American food producers never seem to sour when it comes to pursuing consumer market share. The United States is the world’s largest consumer and manufacturer in the market for high-fructose corn syrup. Recently, consumers, and therefore U.S. food makers, have been moving away from the corn-derived sweetener in recent years. As a result, there is a lot at stake in controlling the trajectory of the sweetener industry. Currently, a dispute between the corn and sugar interests is being waged in the California courts over an alleged misleading advertising campaign. The lawsuit could significantly affect the role trade organizations play as surrogates for their industry constituents and, more importantly, the manner in which the constituents aggregate their interests through trade group membership.
In 2010, the Corn Refiners Association (“CRA”) submitted an application to the FDA seeking approval to change the labeling of high fructose corn syrup to “corn sugar.” The application coincided with CRA’s launch of its marketing campaign to rebrand high fructose corn syrup as “corn sugar.” The application generated significant media coverage, including opposition from consumer groups and the sugar industry. Though the application remains pending, the FDA wrote to the CRA in July 2011 to express its concern with the attempts to equate the terms high fructose corn syrup and “corn sugar,” stating: “We request that you re-examine your websites and modify statements that use the term ‘corn sugar’ as a synonym for (high fructose corn syrup).” The FDA, however, has no regulatory control over a trade association’s advertising because it is promoting an industry, not selling a product. In this instance, the FDA is limited to prosecuting companies that incorrectly label ingredients and could only pursue enforcement actions against companies whose labels list high fructose corn syrup as “corn sugar.”
The sugar industry did not sit idle.
THE FOOD FIGHT
In 2011, a consortium of sugar producers led by the Western Sugar Cooperative filed suit in the Central District of California against the CRA, Archer-Daniels and other CRA member companies. The sugar consortium sought an injunction and unspecified damages due to the CRA’s “Sweet Surprise” campaign to re-brand high-fructose corn syrup as “corn sugar.”
The lawsuit alleges violations of the Lanham Act (15 U.S.C. § 1125(a)) and the California Unfair Business Practices Act on the basis that CRA’s marketing campaign constitutes false and misleading advertising for the portrayal of “corn sugar” as natural and the equivalent of cane sugar (or “real sugar” as alleged in the Complaint).
U.S. District Judge Consuelo B. Marshall dismissed the original Complaint against the defendant companies who were merely members of the CRA. The court reasoned that the plaintiffs failed to establish the elements of an agency relationship between the HCFS/corn sugar producing companies and the CRA to hold those member companies directly or vicariously liable for the CRA’s campaign. The claims against the CRA were not dismissed.
Undeterred, the sugar producers filed an amended Complaint re-alleging claims against the CRA and its member companies for violations of Section 43 (a) of the Lanham Act. The new complaint seeks to bolster its validity by arguing that the authority, governance, control and funding of the CRA comes almost exclusively from the collaborative efforts of the defendant member companies. The complaint remains vague on details of the CRA’s specific activities and focuses on the narrative behind the rebranding campaign and the special assessments used to fund the initiative.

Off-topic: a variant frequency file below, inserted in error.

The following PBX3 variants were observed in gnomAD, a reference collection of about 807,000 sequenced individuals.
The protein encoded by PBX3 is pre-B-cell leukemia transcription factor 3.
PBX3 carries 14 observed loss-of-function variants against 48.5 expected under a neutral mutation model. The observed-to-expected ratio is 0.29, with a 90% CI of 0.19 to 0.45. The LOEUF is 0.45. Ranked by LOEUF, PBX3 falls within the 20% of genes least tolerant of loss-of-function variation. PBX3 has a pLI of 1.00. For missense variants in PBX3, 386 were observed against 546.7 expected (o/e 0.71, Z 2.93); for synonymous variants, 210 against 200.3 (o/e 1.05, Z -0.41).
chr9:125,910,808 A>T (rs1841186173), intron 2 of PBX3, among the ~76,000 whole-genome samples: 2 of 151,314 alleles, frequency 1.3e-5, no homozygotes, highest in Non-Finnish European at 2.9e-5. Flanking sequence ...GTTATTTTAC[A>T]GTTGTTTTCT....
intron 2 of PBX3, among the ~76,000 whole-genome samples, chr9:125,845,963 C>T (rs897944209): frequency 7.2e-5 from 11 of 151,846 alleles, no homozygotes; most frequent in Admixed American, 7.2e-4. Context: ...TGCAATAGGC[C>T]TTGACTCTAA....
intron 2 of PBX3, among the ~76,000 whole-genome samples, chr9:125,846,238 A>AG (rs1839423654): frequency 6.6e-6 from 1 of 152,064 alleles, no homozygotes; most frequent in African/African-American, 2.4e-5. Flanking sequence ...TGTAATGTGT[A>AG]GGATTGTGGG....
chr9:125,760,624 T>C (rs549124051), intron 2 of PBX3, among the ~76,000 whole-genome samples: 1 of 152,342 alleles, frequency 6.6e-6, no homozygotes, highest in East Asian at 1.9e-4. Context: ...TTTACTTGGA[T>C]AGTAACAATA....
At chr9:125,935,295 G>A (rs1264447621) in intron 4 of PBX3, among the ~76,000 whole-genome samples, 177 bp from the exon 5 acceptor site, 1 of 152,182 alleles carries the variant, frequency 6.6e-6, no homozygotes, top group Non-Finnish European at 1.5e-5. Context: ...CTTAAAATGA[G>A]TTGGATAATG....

Naturally, the defendant member companies have filed another motion to dismiss. They argue that there is well supported case law which provides that membership in a trade organization alone does not constitute sufficient grounds to satisfy the burden of showing principal-agency relationship, “even when its purpose is to promote their interests generally.” They argue that the complaint should be dismissed because it does not and cannot satisfy the plausibility required by FRCP 12(b)(6) nor the particularity of FCRP 9(a). The mere conclusory allegations of agency and conspiracy, along with allegations regarding financial contributions and board participation in the CRA are not enough to support the requisite pleadings standard.
It remains to be seen whether Judge Marshall will conclude that a reasonable inference can be drawn from the organizational framework of the CRA to impose vicarious liability on the member companies for the potential Lanham Act violations. What weight will the Court give, if any, to a member company’s: voting presence on an association’s Board of Directors, the amount and extent of financing, and, in this instance, the approval and control of advertising campaigns? The decision could have wide-ranging implications on the mode in which trade associations organize, interact and serve as surrogates for the interests of their constituents.
Consumers may be more interested in the truth of the matter – whether corn sugar is better, worse, or the equal of cane sugar. The food industry, and other consumer-oriented industries, however, will want to know whether they need to reconsider the extent of their participation in trade associations.